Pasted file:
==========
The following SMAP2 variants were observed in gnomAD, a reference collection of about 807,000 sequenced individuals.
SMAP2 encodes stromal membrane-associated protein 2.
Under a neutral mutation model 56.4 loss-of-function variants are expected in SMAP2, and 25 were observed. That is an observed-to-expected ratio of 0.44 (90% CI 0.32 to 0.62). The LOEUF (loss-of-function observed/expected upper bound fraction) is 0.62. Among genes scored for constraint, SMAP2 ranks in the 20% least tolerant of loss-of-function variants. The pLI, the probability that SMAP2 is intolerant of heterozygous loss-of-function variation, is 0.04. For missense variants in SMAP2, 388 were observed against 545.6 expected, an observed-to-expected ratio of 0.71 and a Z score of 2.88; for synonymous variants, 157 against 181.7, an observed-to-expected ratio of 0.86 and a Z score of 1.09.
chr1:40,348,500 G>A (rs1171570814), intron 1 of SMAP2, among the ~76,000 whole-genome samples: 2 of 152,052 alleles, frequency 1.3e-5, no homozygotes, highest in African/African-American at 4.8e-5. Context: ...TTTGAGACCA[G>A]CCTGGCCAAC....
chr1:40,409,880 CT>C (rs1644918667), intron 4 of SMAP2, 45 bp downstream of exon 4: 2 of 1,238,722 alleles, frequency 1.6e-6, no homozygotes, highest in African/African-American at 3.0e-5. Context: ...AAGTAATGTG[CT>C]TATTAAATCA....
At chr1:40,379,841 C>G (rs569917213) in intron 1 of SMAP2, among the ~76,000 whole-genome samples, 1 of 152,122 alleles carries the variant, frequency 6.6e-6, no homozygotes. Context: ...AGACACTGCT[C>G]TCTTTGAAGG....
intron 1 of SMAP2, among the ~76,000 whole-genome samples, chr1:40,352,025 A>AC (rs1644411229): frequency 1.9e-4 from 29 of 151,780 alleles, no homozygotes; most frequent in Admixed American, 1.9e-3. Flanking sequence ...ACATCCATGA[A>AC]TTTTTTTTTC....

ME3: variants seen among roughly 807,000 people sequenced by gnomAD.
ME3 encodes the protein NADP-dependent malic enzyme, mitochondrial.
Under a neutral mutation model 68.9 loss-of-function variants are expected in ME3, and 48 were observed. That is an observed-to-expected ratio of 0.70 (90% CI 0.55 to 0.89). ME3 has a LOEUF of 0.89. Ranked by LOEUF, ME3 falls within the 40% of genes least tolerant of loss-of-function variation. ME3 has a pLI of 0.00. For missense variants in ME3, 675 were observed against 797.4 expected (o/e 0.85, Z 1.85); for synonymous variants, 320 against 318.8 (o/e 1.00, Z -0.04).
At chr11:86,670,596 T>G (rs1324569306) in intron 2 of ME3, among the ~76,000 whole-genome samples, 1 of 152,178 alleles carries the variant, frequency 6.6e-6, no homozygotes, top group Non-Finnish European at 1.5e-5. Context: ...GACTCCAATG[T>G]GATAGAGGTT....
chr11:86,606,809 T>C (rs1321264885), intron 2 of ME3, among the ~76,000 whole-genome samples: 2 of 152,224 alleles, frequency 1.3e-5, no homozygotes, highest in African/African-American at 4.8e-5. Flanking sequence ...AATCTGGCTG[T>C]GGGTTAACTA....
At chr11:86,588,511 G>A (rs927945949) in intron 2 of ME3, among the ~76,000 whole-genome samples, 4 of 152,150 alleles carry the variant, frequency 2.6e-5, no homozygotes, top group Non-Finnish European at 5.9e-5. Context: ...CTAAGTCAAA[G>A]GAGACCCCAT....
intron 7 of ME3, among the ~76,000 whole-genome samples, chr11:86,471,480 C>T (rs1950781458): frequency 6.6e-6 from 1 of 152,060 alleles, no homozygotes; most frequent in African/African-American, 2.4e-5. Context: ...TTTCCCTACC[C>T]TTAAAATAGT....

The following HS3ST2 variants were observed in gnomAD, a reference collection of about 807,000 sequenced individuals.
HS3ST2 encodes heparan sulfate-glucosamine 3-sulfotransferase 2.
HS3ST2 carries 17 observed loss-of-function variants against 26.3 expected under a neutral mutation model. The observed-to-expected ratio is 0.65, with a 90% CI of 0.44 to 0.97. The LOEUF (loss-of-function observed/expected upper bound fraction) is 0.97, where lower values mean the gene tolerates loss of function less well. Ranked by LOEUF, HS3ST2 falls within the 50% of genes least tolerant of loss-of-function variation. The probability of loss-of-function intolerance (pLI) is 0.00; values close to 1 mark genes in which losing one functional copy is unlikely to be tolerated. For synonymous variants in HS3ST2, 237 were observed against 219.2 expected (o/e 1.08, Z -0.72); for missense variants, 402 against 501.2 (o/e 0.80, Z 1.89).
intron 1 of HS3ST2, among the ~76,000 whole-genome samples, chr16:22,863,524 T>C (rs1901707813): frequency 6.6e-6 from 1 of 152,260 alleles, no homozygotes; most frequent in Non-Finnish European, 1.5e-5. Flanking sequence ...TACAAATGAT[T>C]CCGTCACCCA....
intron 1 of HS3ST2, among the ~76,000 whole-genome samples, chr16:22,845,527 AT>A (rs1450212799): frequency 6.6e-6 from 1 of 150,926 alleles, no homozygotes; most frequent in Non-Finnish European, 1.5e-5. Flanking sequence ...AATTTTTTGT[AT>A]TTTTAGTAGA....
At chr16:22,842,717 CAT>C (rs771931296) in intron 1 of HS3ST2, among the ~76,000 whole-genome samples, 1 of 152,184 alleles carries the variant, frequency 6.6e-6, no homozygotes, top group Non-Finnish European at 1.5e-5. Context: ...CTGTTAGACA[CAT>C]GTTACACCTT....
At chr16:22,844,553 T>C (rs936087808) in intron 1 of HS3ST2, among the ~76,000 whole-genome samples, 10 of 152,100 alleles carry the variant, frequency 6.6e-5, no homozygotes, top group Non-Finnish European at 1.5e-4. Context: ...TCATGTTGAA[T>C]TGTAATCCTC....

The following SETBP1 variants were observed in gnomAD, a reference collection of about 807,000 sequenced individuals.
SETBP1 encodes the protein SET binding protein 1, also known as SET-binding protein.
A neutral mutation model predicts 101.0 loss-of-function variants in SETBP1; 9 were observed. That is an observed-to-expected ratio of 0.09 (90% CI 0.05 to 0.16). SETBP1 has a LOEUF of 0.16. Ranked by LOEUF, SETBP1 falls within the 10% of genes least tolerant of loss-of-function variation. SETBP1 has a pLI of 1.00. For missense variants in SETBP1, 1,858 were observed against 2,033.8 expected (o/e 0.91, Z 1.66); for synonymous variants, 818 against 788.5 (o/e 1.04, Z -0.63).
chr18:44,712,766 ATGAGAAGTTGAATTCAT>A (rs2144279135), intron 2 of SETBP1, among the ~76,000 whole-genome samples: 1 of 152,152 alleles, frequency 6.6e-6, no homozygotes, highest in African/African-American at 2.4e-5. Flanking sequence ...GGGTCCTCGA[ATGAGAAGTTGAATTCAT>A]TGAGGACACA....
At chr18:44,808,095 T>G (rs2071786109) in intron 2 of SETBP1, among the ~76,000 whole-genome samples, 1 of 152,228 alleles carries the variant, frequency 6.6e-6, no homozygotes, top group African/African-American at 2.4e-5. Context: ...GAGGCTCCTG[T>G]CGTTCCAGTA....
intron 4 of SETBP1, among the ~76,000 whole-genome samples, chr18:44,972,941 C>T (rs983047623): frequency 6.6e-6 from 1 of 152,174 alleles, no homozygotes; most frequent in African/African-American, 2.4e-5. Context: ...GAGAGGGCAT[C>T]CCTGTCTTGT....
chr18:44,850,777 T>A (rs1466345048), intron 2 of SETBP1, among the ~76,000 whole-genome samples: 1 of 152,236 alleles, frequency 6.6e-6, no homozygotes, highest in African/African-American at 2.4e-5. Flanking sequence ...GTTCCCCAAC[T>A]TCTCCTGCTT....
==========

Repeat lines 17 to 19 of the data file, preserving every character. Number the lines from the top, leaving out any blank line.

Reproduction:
HS3ST2 carries 17 observed loss-of-function variants against 26.3 expected under a neutral mutation model. The observed-to-expected ratio is 0.65, with a 90% CI of 0.44 to 0.97. The LOEUF (loss-of-function observed/expected upper bound fraction) is 0.97, where lower values mean the gene tolerates loss of function less well. Ranked by LOEUF, HS3ST2 falls within the 50% of genes least tolerant of loss-of-function variation. The probability of loss-of-function intolerance (pLI) is 0.00; values close to 1 mark genes in which losing one functional copy is unlikely to be tolerated. For synonymous variants in HS3ST2, 237 were observed against 219.2 expected (o/e 1.08, Z -0.72); for missense variants, 402 against 501.2 (o/e 0.80, Z 1.89).
intron 1 of HS3ST2, among the ~76,000 whole-genome samples, chr16:22,863,524 T>C (rs1901707813): frequency 6.6e-6 from 1 of 152,260 alleles, no homozygotes; most frequent in Non-Finnish European, 1.5e-5. Flanking sequence ...TACAAATGAT[T>C]CCGTCACCCA....
intron 1 of HS3ST2, among the ~76,000 whole-genome samples, chr16:22,845,527 AT>A (rs1450212799): frequency 6.6e-6 from 1 of 150,926 alleles, no homozygotes; most frequent in Non-Finnish European, 1.5e-5. Flanking sequence ...AATTTTTTGT[AT>A]TTTTAGTAGA....